An unteachable heart is a great judgment from God. This was Pharaoh's judgment; no counsel, no message, no reproof, no warning, no plague could soften him! When the Lord designs to bring judgment upon a soul, then he gives it up to an unteachable heart! "Tell my people this: 'You will hear my Words, but you will not understand. You will see what I do, but you will not perceive its meaning. Harden the hearts of these people. Close their ears, and shut their eyes. That way, they will not see with their eyes, hear with their ears, understand with their hearts, and turn to me for healing!' Then I said, 'Lord, how long must I do this?' And he replied, 'Until their cities are destroyed, with no one left in them. Until their houses are deserted and the whole country is an utter wasteland!'" Isaiah 6:9-11.

A teachable spirit is a great mercy of God and it is one that we ought to pray for when conversing with those who do not yet believe in the truth of the gospel. With a teachable spirit comes a softened heart, and with a softened heart comes an accepting heart ready to accept God’s truth and thus be saved.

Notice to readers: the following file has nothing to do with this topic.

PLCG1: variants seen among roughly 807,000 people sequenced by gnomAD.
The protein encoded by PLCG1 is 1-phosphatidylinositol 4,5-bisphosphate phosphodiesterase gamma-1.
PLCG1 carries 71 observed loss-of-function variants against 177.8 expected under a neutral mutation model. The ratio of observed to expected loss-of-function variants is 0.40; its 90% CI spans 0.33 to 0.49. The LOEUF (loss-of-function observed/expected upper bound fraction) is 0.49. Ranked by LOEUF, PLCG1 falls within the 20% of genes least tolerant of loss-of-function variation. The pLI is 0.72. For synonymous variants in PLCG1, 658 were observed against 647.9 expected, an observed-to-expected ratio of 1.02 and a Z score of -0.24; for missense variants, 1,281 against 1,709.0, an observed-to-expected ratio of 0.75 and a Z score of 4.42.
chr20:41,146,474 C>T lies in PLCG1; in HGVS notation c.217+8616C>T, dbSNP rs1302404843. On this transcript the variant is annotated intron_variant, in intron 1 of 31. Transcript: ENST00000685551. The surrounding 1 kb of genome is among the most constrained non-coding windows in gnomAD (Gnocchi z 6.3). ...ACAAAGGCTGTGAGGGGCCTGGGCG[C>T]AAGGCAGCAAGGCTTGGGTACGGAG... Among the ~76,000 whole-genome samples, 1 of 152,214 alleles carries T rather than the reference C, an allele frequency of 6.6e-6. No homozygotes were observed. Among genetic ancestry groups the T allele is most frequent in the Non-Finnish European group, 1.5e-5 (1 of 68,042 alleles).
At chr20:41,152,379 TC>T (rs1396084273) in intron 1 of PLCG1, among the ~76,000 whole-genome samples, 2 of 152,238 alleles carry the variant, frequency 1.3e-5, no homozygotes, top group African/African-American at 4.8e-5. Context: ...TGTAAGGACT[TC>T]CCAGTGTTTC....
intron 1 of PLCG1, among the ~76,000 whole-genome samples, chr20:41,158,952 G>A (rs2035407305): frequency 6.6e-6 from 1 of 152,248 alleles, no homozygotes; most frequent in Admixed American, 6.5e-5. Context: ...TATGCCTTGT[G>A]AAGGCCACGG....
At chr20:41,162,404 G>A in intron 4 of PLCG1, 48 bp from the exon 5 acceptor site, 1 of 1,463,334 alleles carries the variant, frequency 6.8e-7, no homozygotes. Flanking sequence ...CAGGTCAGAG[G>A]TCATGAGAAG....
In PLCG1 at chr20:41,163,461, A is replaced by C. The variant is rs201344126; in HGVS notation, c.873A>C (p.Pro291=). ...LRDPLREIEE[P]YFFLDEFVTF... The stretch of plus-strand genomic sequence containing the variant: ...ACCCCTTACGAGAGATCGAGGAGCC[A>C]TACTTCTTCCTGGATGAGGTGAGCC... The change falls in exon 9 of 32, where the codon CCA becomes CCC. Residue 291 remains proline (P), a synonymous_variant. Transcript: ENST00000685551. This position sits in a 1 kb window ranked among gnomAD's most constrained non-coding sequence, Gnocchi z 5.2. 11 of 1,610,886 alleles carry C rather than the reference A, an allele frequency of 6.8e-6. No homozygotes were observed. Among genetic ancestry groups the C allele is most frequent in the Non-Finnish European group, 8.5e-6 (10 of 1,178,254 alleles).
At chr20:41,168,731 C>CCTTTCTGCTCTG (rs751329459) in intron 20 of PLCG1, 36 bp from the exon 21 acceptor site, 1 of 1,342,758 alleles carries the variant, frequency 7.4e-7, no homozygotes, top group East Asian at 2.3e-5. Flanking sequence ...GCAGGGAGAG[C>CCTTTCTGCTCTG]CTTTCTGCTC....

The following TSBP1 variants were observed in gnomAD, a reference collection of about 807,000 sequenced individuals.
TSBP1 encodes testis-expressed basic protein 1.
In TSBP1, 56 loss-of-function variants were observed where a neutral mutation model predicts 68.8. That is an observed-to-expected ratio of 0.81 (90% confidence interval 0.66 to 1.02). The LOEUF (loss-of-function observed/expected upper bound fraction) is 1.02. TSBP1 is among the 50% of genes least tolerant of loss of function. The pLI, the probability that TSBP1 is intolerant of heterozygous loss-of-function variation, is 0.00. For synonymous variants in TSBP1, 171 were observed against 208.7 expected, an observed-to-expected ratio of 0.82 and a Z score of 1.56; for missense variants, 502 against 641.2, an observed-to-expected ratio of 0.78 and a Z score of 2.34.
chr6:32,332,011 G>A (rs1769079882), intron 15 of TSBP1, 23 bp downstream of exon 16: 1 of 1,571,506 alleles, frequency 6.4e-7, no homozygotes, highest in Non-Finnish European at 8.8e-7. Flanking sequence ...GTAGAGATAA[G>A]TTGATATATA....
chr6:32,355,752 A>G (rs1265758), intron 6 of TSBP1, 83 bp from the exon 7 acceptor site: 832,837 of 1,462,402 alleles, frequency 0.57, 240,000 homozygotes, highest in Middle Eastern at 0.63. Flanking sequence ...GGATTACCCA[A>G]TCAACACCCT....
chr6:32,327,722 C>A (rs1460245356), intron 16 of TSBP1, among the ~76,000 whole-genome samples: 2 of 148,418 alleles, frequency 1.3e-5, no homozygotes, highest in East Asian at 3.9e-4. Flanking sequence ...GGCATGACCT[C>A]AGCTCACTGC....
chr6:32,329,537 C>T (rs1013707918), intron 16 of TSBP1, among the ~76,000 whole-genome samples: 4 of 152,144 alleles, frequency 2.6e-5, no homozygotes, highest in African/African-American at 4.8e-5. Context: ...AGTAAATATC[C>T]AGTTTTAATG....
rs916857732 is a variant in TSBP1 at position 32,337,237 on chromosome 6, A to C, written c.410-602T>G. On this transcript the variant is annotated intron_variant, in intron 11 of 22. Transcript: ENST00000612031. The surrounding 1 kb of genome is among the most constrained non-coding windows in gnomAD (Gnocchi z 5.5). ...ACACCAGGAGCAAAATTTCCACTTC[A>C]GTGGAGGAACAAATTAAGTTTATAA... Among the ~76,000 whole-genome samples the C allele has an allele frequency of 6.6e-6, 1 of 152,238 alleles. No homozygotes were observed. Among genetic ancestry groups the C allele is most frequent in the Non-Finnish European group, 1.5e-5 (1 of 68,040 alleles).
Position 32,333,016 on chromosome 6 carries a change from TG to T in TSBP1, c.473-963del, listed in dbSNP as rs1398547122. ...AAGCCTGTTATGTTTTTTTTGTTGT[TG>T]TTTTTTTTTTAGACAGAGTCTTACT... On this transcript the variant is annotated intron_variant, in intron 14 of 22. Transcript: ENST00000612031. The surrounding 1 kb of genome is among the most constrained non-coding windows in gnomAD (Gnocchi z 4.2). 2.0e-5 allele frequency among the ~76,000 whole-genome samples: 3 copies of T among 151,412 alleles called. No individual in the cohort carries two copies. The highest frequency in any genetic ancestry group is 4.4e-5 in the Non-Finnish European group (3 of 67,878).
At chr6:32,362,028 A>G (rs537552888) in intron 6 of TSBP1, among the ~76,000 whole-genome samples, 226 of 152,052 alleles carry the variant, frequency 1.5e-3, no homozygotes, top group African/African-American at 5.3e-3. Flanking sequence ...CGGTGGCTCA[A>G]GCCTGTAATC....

Tuesday, 21 August 2012

"And when must this peace rule in our hearts?"

And his glory is flooding my soul

Let the peace of Christ rule in your hearts!

"And when must this peace rule in our hearts?"

It must rule when you have sorrows
When you are clothed in anxiety
When you are uncertain about your future
When you are in great danger
When you have no money left to eat
When by your sins you are oppressed
When by this world you are satisfied
When for Christ sake you are persecuted.

It must rule in the winter as well as in the summer
It must rule in the night as well as in the day
It must rule at every passing hour
It must rule when death is nigh. 


The writings of sunny caane (4) - I live but no life to live